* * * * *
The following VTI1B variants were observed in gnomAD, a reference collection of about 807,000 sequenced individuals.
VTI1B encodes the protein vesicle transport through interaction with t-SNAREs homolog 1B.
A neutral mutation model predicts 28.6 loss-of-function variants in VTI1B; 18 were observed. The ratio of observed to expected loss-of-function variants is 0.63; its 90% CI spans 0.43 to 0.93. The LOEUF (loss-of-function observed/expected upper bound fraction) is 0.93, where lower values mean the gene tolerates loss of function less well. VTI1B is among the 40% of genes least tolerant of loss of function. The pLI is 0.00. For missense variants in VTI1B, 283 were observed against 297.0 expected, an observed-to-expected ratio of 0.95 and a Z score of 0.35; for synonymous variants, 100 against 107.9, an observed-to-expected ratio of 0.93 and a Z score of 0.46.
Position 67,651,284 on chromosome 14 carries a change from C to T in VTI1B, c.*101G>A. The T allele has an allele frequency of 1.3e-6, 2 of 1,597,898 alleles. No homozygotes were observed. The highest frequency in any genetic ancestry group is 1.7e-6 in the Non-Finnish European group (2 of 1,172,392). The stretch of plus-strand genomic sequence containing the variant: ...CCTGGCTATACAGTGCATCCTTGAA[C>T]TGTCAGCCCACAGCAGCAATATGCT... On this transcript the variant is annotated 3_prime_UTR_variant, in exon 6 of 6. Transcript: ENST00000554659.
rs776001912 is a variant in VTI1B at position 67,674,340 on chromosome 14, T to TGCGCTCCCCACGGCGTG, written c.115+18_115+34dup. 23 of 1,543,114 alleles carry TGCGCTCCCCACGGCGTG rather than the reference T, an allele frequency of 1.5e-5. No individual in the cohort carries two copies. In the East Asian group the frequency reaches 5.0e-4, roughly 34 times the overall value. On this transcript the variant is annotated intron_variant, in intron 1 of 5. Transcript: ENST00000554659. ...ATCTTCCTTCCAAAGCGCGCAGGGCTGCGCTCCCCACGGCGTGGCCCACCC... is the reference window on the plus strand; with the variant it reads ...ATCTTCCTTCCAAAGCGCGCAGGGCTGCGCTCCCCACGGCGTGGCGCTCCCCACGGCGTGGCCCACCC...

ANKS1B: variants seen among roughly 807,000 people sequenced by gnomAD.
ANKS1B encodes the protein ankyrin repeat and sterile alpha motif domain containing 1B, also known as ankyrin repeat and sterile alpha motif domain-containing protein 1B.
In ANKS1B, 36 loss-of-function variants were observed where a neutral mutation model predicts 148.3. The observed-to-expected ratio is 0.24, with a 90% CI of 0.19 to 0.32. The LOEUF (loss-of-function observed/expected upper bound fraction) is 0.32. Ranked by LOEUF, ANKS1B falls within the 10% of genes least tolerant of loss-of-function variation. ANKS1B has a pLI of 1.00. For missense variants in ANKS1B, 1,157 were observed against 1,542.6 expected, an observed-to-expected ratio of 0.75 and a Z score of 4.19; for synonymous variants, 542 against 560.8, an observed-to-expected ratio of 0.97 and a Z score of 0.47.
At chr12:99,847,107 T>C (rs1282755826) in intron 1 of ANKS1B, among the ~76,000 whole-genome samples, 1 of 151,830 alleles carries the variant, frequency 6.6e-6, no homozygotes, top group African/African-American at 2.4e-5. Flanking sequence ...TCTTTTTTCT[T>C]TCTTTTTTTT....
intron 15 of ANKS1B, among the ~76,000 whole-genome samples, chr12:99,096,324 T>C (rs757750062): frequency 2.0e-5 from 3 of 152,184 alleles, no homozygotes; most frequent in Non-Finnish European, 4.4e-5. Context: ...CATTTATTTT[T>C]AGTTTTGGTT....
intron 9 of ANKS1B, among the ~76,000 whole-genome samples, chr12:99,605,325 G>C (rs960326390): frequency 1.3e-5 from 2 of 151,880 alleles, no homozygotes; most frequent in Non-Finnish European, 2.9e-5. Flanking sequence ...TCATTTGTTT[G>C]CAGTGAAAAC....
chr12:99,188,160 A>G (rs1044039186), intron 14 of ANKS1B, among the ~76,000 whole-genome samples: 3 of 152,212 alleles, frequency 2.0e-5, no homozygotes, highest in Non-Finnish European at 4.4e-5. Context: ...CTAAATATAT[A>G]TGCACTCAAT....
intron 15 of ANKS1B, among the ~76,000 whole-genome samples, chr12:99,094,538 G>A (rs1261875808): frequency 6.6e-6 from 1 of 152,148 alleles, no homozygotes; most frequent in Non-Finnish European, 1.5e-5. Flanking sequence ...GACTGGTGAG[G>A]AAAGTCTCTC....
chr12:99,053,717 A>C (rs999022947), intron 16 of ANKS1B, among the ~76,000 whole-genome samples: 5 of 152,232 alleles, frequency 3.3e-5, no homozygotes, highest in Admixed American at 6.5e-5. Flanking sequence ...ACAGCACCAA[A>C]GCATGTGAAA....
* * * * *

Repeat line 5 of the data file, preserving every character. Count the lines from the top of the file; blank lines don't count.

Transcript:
rs776001912 is a variant in VTI1B at position 67,674,340 on chromosome 14, T to TGCGCTCCCCACGGCGTG, written c.115+18_115+34dup. 23 of 1,543,114 alleles carry TGCGCTCCCCACGGCGTG rather than the reference T, an allele frequency of 1.5e-5. No individual in the cohort carries two copies. In the East Asian group the frequency reaches 5.0e-4, roughly 34 times the overall value. On this transcript the variant is annotated intron_variant, in intron 1 of 5. Transcript: ENST00000554659. ...ATCTTCCTTCCAAAGCGCGCAGGGCTGCGCTCCCCACGGCGTGGCCCACCC... is the reference window on the plus strand; with the variant it reads ...ATCTTCCTTCCAAAGCGCGCAGGGCTGCGCTCCCCACGGCGTGGCGCTCCCCACGGCGTGGCCCACCC...